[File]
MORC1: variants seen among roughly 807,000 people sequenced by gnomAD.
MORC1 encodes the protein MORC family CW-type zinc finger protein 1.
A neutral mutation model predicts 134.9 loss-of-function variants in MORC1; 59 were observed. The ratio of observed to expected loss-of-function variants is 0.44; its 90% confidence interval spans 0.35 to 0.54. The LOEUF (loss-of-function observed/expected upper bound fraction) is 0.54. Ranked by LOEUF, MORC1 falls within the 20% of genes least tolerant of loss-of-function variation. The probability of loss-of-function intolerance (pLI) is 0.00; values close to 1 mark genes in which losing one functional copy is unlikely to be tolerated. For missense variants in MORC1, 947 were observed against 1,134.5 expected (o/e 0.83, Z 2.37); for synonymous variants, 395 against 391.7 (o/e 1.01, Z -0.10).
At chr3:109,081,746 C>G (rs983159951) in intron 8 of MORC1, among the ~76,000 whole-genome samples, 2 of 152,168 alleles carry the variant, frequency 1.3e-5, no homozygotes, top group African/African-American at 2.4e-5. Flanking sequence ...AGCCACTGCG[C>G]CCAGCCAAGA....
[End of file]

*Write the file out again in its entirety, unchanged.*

MORC1: variants seen among roughly 807,000 people sequenced by gnomAD.
MORC1 encodes the protein MORC family CW-type zinc finger protein 1.
A neutral mutation model predicts 134.9 loss-of-function variants in MORC1; 59 were observed. The ratio of observed to expected loss-of-function variants is 0.44; its 90% confidence interval spans 0.35 to 0.54. The LOEUF (loss-of-function observed/expected upper bound fraction) is 0.54. Ranked by LOEUF, MORC1 falls within the 20% of genes least tolerant of loss-of-function variation. The probability of loss-of-function intolerance (pLI) is 0.00; values close to 1 mark genes in which losing one functional copy is unlikely to be tolerated. For missense variants in MORC1, 947 were observed against 1,134.5 expected (o/e 0.83, Z 2.37); for synonymous variants, 395 against 391.7 (o/e 1.01, Z -0.10).
At chr3:109,081,746 C>G (rs983159951) in intron 8 of MORC1, among the ~76,000 whole-genome samples, 2 of 152,168 alleles carry the variant, frequency 1.3e-5, no homozygotes, top group African/African-American at 2.4e-5. Flanking sequence ...AGCCACTGCG[C>G]CCAGCCAAGA....